• Sapienza, L. et al (2020). Pelvic Insufficiency Fractures After External Beam Radiation Therapy for Gynecologic Cancers: A Meta-analysis and Meta-regression of 3929 Patients. International Journal of Radiation Oncology*Biology*Physics. 103;6. pp.475-484.
  • Uezono, H. et al (2013). Pelvic insufficiency fracture after definitive radiotherapy for uterine cervical cancer: retrospective analysis of risk factors. Journal of Radiation Research. 54;6. pp.1102-1109.
  • Meixel, A. et al (2018). From radiation osteitis to osteoradionecrosis: incidence and MR morphology of radiation-induced sacral pathologies following pelvic radiotherapy. European Radiology. 28;8. pp. 3550-3559.
  • Ogino, I. et al (2003). Pelvic insufficiency fractures in postmenopausal woman with advanced cervical cancer treated by radiotherapy. Radiotherapy and Oncology. 68;1. pp.61-67.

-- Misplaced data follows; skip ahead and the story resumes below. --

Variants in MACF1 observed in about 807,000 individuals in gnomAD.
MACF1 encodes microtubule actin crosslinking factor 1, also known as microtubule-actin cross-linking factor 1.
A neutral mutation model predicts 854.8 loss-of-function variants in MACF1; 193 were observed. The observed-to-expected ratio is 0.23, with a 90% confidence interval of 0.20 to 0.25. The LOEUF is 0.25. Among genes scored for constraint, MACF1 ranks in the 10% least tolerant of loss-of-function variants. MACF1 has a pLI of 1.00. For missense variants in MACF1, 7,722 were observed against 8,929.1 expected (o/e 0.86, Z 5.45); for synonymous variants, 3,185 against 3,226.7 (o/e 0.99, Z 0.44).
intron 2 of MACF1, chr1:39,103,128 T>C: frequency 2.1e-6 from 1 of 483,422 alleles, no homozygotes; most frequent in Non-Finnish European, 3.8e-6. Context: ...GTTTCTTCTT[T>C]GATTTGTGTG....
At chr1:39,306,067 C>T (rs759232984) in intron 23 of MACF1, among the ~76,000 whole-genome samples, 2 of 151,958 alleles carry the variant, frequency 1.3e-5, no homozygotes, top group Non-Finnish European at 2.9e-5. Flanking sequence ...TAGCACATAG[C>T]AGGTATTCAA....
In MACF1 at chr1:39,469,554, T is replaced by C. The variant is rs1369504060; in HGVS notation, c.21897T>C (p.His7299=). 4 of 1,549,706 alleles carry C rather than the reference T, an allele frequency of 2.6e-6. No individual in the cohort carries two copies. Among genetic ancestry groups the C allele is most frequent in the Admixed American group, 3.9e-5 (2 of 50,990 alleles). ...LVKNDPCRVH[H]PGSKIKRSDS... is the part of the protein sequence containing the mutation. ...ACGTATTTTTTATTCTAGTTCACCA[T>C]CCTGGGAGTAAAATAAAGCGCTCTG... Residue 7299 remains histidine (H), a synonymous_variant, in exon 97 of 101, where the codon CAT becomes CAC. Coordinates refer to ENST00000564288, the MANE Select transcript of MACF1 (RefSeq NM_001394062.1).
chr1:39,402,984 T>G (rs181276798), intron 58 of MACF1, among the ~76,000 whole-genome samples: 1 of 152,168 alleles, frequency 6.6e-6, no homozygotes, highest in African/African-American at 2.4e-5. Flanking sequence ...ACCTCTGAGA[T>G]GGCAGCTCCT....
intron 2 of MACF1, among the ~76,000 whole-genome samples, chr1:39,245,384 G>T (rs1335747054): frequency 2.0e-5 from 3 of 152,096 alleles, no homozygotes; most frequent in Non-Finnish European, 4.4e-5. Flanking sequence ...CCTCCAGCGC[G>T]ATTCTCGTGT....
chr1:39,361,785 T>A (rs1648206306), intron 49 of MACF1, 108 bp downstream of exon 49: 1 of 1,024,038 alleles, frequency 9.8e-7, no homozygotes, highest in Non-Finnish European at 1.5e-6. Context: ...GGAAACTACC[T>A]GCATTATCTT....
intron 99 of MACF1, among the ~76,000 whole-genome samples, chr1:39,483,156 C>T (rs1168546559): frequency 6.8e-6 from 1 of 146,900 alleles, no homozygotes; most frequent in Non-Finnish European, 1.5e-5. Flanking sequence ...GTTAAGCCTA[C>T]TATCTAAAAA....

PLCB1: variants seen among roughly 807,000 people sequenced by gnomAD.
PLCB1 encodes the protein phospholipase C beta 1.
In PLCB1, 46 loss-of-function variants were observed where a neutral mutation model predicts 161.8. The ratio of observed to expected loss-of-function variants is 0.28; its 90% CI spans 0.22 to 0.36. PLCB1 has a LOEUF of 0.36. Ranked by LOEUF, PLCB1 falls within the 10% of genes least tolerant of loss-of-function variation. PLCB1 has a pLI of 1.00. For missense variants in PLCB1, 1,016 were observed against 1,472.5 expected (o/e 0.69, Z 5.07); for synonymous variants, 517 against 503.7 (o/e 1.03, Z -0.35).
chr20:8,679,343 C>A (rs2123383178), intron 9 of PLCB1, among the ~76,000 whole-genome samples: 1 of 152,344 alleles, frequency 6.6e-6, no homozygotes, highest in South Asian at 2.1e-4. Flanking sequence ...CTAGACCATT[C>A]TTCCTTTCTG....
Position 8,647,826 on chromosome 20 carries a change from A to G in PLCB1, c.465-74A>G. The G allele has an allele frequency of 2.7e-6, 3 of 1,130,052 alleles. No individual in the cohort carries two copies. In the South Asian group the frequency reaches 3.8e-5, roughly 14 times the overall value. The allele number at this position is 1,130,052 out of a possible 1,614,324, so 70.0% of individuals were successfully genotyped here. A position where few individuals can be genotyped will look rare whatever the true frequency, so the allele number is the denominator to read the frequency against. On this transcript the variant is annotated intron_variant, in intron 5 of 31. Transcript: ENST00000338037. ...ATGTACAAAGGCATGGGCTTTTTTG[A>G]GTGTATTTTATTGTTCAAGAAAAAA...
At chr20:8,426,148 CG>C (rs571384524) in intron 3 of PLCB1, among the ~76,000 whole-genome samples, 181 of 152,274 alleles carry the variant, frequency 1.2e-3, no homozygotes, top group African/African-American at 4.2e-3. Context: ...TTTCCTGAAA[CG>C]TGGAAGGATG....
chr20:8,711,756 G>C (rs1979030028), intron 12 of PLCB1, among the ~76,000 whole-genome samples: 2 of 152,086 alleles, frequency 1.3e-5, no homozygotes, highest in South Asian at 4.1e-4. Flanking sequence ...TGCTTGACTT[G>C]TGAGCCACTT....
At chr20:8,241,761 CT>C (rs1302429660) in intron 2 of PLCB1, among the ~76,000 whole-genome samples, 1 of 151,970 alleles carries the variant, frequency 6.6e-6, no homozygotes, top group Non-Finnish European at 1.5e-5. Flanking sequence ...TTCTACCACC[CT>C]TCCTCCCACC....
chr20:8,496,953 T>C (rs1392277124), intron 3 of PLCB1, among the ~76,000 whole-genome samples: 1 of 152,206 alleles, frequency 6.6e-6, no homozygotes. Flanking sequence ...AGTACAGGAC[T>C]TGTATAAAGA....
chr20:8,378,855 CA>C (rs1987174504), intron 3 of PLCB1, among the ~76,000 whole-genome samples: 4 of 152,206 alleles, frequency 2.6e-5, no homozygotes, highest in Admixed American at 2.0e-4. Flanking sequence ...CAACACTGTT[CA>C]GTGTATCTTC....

• From radiation osteitis to osteoradionecrosis: incidence and MR morphology of radiation-induced sacral pathologies following pelvic radiotherapy. European Radiology. 28;8. pp.3550-3559
  • Ibid.

We write our information based on literature searches and expert review. For more information about the references we used, please contact [email protected].

Read more about how we research and write our information >

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Date last updated: 
29 Oct 2020
Date due for review: 
29 Oct 2022